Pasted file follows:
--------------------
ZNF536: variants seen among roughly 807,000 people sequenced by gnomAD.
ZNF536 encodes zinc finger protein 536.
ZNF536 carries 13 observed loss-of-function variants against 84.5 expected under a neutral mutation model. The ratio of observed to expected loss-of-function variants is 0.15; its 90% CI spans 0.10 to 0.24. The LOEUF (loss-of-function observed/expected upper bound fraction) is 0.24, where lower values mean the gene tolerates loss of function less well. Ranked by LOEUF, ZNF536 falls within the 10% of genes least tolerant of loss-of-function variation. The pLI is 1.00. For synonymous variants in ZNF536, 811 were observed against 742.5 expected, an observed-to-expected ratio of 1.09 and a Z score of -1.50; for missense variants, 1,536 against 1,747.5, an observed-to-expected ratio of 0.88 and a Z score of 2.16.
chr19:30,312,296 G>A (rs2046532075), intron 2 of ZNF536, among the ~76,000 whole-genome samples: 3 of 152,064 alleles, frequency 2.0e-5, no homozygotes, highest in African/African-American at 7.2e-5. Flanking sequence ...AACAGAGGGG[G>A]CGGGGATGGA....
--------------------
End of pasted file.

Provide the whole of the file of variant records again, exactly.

ZNF536: variants seen among roughly 807,000 people sequenced by gnomAD.
ZNF536 encodes zinc finger protein 536.
ZNF536 carries 13 observed loss-of-function variants against 84.5 expected under a neutral mutation model. The ratio of observed to expected loss-of-function variants is 0.15; its 90% CI spans 0.10 to 0.24. The LOEUF (loss-of-function observed/expected upper bound fraction) is 0.24, where lower values mean the gene tolerates loss of function less well. Ranked by LOEUF, ZNF536 falls within the 10% of genes least tolerant of loss-of-function variation. The pLI is 1.00. For synonymous variants in ZNF536, 811 were observed against 742.5 expected, an observed-to-expected ratio of 1.09 and a Z score of -1.50; for missense variants, 1,536 against 1,747.5, an observed-to-expected ratio of 0.88 and a Z score of 2.16.
chr19:30,312,296 G>A (rs2046532075), intron 2 of ZNF536, among the ~76,000 whole-genome samples: 3 of 152,064 alleles, frequency 2.0e-5, no homozygotes, highest in African/African-American at 7.2e-5. Flanking sequence ...AACAGAGGGG[G>A]CGGGGATGGA....